There is, so far as I know, but one creature that is excited, quite literally vibrating, over these long stretches of 100+ degree days.
We hear him, and legions of his friends, singing from the leafy tops of our trees beginning around 9:30 or 10 in the morning and ceasing only after darkness has fallen. In the hottest part of the day, their songs reach such a fever pitch that you can hear them, even indoors, with the windows and doors shut, the air conditioner and ceiling fans running at full blast. Nothing can drown out the dog day cry of the cicada.
Have a listen:
Some days, this song sounds to me like lemonade and grandmothers fanning themselves on porches, barefooted children running through sprinklers and fiddle music.
On others, on those days when the heat has drained my spirit, it sounds like a funereal dirge.
The cicadas don't seem to be bothered much by the moods of their listeners though, they sing on.
So, as their music is the anthem of our summer days, and because we have a rapidly growing collection of their shed skins, we thought we'd better find out more about these rather vocal critters.
Here's what we've learned:
Cicadas are fairly large insects with big eyes that are set rather far apart. They come in an astonishing array - 2,500 or so known species.
They are born from eggs that a female has deposited in a small cut that she makes on a twig. They burrow into the ground and live the bulk of their lives there feeding on root juices.
Finally, they emerge from the ground, shed their skins and fly to the tree tops to sing and mate. Some species spend only a year underground, others as many 17 years.
They are not, as is commonly thought, locusts. That's a whole 'nuther beast.
It is the male cicadas that make all the noise. I tell my boys that they are singing love songs to the ladies. This elicits much eye rolling. My middle son said during a particularly loud performance, " Man, they really, really, REALLY want to get those girls attention, don't they? Can the girls not hear very well, or what?"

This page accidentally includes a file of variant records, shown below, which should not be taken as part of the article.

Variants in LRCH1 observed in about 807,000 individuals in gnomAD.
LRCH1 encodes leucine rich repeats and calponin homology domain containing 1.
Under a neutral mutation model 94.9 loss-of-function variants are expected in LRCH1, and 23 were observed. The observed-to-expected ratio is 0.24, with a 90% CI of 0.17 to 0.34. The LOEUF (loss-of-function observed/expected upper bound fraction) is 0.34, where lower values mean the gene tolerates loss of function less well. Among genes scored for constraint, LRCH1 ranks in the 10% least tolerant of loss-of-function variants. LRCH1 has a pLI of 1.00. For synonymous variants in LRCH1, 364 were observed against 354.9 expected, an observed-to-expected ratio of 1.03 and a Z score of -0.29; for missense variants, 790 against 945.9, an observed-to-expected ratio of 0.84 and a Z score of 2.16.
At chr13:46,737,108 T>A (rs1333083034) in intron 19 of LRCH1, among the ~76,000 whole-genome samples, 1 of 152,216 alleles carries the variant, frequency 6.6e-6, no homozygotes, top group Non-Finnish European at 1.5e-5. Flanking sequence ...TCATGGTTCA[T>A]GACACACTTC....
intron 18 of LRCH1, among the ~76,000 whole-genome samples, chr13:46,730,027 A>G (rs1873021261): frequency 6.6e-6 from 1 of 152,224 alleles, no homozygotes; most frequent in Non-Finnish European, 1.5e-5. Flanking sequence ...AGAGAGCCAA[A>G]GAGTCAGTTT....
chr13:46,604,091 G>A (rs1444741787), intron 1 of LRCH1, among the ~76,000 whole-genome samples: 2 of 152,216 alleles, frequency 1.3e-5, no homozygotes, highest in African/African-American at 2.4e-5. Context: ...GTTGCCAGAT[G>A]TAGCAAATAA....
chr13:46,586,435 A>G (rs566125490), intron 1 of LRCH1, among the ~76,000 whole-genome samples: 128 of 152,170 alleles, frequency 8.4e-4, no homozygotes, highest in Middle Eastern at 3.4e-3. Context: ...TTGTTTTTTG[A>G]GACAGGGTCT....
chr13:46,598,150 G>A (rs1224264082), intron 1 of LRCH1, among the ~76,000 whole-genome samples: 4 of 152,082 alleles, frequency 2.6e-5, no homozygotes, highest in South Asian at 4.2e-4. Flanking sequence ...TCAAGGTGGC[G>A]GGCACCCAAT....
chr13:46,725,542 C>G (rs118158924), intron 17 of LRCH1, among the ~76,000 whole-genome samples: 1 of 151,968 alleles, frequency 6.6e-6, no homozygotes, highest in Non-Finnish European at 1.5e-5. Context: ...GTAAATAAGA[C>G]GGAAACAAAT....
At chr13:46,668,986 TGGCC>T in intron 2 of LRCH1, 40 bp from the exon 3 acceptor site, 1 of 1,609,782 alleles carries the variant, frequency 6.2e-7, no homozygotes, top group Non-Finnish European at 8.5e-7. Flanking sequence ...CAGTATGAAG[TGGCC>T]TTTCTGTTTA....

Here's an excerpt straight from wikipedia about the interesting way in which arduous young cicadas make their intentions known,
"Male cicadas have loud noisemakers called "timbals" on the sides of the abdominal base. Their "singing" is not the stridulation (where two structures are rubbed against one another) of many other familiar sound-producing insects like crickets: the timbals are regions of the exoskeleton that are modified to form a complex membrane with thin, membranous portions and thickened "ribs". Contracting the internal timbal muscles produces a clicking sound as the timbals buckle inwards. As these muscles relax, the timbals return to their original position producing another click. The interior of the male abdomen is substantially hollow to amplify the resonance of the sound. A cicada rapidly vibrates these membranes, and enlarged chambers derived from the tracheae make its body serve as a resonance chamber, greatly amplifying the sound. They modulate their noise by wiggling their abdomens toward and away from the tree that they are on. Additionally, each species has its own distinctive song"
Interestingly, the cicadas have made their way into cultural iconology. Throughout the ages, the cicada has been seen as a symbol of youthful short-sightedness. Other animals are diligently making preparations for the winter while the cicada is lazing the day away singing songs to his lover. Ah, young love.
Turns out cicadas are also seen as delicacies to some Asian and Latin American palates.
We have yet to see one actually IN his skin though... so I'm not sure how those chefs manage to get them from leafy heights to chilled plates. I guess that's a question for further research. (You can see a really neat photo of one here)
We'd also like to know if it is a particular temperature that triggers their singing to begin and then to end. So if you need us, we'll be out back with our clocks and thermometers waiting for the music to start.
Nature— the sublime, the harsh, and the beautiful— offers something that the street or gated community or computer game cannot. Nature presents the young with something so much greater than they are; it offers an environment where they can easily contemplate infinity and eternity. —Richard Louv